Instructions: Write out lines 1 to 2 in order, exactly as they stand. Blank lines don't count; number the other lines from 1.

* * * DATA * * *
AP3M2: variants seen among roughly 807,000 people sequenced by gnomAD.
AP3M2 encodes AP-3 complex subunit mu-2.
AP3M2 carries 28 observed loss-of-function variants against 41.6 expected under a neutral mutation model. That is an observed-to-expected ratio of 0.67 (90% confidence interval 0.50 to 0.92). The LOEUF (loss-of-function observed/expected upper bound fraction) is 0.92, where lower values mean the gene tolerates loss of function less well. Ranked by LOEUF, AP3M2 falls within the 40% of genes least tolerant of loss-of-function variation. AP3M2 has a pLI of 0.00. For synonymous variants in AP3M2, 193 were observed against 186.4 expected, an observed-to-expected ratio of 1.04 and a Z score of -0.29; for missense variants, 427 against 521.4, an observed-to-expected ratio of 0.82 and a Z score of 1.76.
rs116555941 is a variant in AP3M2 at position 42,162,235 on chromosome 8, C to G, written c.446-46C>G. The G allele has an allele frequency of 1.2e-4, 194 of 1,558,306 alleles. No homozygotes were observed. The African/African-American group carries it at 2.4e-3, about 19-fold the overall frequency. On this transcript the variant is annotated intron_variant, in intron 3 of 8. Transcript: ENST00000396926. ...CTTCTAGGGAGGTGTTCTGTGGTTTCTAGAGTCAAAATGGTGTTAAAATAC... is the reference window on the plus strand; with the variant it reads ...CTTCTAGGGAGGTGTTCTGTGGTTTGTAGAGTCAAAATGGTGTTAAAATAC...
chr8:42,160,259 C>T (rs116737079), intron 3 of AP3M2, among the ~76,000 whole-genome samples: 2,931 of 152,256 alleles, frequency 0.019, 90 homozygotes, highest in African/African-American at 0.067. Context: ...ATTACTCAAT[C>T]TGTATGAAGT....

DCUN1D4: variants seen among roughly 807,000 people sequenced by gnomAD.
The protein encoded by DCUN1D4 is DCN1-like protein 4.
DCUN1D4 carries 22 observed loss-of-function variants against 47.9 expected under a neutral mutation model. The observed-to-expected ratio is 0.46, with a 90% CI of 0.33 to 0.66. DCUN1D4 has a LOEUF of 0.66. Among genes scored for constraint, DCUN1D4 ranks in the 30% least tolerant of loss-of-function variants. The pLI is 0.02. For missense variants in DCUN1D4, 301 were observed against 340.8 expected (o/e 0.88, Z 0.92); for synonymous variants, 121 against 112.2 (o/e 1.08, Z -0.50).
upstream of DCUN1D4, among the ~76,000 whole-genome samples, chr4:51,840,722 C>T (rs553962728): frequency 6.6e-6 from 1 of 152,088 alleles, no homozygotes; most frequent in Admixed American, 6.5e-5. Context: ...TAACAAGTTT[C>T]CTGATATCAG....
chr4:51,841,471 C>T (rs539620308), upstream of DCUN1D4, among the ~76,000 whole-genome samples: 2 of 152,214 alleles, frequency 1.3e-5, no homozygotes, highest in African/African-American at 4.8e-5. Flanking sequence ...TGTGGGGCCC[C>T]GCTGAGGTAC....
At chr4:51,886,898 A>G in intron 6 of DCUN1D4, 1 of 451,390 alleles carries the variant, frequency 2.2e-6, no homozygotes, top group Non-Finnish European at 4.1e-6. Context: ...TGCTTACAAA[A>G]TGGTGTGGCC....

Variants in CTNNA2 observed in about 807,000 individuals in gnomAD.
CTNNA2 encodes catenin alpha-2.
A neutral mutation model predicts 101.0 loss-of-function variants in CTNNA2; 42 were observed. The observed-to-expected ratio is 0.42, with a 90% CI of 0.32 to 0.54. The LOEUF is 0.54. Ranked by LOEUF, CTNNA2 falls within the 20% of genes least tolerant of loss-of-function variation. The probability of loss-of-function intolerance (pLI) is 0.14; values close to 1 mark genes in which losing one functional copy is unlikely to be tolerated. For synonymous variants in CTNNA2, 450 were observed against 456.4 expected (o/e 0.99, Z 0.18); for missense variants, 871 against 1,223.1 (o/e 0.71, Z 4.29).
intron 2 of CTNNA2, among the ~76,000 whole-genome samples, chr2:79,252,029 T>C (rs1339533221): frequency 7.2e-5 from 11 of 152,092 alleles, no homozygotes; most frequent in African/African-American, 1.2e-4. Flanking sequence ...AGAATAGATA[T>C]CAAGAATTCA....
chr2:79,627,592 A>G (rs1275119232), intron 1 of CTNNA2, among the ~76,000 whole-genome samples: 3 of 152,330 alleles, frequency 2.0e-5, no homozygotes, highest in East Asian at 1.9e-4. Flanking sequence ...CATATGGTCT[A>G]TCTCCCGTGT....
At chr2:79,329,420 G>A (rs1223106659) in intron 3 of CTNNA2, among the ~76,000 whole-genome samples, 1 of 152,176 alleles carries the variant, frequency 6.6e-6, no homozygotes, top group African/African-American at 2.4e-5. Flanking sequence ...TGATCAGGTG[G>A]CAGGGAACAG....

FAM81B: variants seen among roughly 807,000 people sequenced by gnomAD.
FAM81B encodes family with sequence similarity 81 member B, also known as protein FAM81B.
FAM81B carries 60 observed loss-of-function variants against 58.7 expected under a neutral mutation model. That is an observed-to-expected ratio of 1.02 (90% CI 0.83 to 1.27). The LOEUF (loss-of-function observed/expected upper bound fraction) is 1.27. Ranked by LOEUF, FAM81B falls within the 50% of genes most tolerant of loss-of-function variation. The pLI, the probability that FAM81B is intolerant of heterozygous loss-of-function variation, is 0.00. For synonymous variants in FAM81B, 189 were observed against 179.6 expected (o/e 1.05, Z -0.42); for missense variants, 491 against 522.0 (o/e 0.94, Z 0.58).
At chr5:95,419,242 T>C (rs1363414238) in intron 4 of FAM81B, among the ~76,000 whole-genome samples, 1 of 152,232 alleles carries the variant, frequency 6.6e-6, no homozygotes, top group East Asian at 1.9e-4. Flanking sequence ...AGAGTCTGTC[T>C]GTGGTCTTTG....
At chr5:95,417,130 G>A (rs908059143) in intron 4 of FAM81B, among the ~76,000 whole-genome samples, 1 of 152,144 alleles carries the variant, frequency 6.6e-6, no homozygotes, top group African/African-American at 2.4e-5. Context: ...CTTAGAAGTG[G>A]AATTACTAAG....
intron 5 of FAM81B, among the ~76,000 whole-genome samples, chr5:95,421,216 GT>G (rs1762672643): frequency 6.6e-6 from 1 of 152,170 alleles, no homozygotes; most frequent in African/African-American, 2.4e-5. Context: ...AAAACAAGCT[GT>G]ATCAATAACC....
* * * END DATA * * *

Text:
AP3M2: variants seen among roughly 807,000 people sequenced by gnomAD.
AP3M2 encodes AP-3 complex subunit mu-2.